My Story: Transitioning Churches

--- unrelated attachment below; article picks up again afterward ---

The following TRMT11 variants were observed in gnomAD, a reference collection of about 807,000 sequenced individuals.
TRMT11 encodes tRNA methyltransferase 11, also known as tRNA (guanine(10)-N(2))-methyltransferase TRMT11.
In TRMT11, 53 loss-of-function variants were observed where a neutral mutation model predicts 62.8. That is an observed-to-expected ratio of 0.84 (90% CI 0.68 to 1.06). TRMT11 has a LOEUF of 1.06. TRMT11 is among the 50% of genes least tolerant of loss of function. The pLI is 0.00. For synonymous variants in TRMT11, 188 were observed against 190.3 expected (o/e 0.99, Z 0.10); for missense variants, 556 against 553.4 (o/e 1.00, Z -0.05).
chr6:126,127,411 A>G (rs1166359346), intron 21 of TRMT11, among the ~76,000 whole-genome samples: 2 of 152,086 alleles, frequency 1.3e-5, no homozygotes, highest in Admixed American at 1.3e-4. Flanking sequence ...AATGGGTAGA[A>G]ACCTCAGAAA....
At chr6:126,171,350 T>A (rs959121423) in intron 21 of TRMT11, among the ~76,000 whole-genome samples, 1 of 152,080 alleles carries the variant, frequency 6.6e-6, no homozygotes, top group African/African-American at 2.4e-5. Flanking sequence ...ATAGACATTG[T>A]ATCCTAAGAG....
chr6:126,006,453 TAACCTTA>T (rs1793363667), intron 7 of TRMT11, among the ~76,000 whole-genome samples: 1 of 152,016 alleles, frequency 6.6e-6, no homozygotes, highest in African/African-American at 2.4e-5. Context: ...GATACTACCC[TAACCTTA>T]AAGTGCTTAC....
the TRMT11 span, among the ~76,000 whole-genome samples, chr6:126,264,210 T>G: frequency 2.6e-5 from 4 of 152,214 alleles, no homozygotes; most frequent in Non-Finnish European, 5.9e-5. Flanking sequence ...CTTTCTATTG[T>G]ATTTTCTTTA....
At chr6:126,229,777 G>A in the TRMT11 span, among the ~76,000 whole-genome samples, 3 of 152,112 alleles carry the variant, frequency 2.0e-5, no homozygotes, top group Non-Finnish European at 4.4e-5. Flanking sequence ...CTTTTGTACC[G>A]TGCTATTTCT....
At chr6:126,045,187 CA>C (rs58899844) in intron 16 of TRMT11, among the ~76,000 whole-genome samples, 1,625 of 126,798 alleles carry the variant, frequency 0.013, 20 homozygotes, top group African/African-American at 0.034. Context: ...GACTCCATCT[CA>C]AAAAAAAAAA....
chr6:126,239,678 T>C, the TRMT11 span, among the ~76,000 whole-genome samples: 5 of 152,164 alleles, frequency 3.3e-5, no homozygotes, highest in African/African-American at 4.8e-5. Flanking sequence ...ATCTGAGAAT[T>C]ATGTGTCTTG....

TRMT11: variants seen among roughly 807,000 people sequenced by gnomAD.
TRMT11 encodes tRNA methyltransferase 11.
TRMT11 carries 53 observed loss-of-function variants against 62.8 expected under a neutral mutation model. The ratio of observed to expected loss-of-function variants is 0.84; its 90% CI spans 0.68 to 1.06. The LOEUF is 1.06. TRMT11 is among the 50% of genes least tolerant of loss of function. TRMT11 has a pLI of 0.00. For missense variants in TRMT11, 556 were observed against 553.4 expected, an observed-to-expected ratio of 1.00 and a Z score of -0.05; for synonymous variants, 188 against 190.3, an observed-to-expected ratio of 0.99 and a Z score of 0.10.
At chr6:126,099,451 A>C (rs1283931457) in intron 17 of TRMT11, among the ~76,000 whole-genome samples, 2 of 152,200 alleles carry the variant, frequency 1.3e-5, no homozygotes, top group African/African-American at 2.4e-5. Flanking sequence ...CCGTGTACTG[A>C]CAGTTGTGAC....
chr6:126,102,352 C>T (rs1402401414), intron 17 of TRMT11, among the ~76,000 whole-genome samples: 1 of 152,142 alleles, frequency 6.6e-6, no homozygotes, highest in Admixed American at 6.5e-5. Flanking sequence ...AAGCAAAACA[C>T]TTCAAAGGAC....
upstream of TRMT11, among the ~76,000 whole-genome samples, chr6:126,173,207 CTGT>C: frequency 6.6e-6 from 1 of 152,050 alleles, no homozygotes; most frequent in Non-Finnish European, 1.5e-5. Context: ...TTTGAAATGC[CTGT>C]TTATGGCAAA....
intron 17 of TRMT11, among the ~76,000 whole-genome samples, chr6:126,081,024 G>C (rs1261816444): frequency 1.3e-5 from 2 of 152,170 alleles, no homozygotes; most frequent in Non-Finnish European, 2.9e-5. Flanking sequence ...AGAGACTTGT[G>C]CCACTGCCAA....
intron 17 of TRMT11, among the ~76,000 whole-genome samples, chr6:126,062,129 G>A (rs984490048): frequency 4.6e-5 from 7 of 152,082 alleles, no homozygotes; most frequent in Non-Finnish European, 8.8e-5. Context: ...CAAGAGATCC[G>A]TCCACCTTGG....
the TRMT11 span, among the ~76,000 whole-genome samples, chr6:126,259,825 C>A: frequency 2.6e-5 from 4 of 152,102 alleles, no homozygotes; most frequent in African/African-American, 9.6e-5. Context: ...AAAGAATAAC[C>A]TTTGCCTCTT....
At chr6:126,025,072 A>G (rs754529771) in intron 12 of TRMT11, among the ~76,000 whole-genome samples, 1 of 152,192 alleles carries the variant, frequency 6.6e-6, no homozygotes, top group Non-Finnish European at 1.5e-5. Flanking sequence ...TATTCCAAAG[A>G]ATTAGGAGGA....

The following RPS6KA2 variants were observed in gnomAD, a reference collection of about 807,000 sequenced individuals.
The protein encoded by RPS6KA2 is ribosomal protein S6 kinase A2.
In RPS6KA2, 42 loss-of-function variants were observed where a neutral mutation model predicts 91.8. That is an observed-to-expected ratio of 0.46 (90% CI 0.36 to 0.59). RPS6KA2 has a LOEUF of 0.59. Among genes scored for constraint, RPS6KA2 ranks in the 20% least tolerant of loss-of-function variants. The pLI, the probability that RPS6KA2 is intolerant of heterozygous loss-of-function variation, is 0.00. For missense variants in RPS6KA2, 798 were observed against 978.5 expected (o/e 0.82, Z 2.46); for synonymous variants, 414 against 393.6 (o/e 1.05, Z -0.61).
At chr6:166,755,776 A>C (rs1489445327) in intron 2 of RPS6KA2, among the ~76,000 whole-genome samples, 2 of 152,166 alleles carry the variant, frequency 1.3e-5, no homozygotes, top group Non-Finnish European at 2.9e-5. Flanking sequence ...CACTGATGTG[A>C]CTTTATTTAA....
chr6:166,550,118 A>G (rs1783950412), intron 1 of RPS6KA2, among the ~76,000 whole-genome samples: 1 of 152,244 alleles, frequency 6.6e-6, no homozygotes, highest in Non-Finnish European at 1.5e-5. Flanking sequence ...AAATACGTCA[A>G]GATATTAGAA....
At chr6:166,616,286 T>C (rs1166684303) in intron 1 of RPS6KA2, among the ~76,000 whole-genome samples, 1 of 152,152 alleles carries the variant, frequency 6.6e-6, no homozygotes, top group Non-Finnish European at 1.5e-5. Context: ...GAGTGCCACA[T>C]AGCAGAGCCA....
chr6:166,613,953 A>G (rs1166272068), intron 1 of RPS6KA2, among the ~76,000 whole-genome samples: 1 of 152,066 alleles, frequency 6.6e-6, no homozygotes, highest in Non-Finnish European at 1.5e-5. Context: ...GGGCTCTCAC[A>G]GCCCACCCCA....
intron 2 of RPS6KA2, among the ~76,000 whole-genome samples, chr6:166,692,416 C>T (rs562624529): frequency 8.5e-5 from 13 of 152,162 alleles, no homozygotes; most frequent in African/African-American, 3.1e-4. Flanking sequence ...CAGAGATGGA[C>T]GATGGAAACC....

When I was 14 and in ninth grade, I pretty much had a reputation of being a good girl. I didn’t go out late at night. I didn’t participate in the shenanigans that my peers created in public school. No, I was the girl the principal called into the office to ask if I could tell her “who did it”. I was already made fun of for my beliefs and my friends who went to church began to change. They chose a path of boys and sex as well as smoking and drinking. I felt myself become separated from them because I was not going to make the same choices. My church activities hadn’t changed until my parents announced that they felt a need to leave our current church. I was devastated. This was where I had grown up. I had a lot of people I loved…including that boy that if we got married, both our initials would be E.M.R. I had a plan to marry him. I was sure God was going to arrange it. I will never forget the Friday night that his family came over for dinner. I believe his parents were attempting to stop my parents from leaving the church because they had never come over before. Not like that. The boy and I sat together on the couch and sort of held hands while watching TV. I thought I would never see him again. My family  started going to different churches and we landed in one in the heart of a nearby broken community. It was small so everyone quickly got to know us and it felt like a tight knit family. The pastor was a dynamic speaker. We joined but things quickly fell apart. I was apart of a youth group that consisted of me and my best friend (she became my best friend most likely because we were the only two kids there). I had crushes on many of the boys there and we spent our time daydreaming and gushing over them. Spiritually, I was still just following a list of rules and looking for a guy who was doing the same. That changed a little at a camp named Laurelville. We went in the Fall as a small youth group but also met other youth from our leader’s young life group. I played games and had tough discussions. The worship was great too. Then they sent us out into nature…into the cold and I found a stump to sit on. I wasn’t even sure what to say to God. We were supposed to pray so I started out by saying that I felt so cold and I didn’t like being alone in a dark, strange place. Immediately, I was filled with warmth from the inside out. It seemed like it was the first time I recognized the Spirit in me. God was with me. I re-dedicated my life to Him. But, I still didn’t feel changed and looking back, I didn’t really change. I became more interested in learning more about God and read my Bible on my own but I still was boy crush crazy and it really took over my brain. My first “kiss” was in fifth grade. My first “real kiss” was in ninth grade. The real kiss was with someone who lived hours from me and it was good he lived that far. I basically toyed with boys’ hearts and felt like that validated me. I never dated anyone I was truly interested in because they seemed out of my league. I even met someone I really liked at the camp but he was much older. It always seemed like I was scouting for a boyfriend and that was most important. Yet, I think it was because I couldn’t obtain it. I filled my heart with the views of my peers and they made fun of me for numerous reasons. I filled my heart with fantasies about finding someone who loved me. I filled my heart with TV and music that was anything but Christian.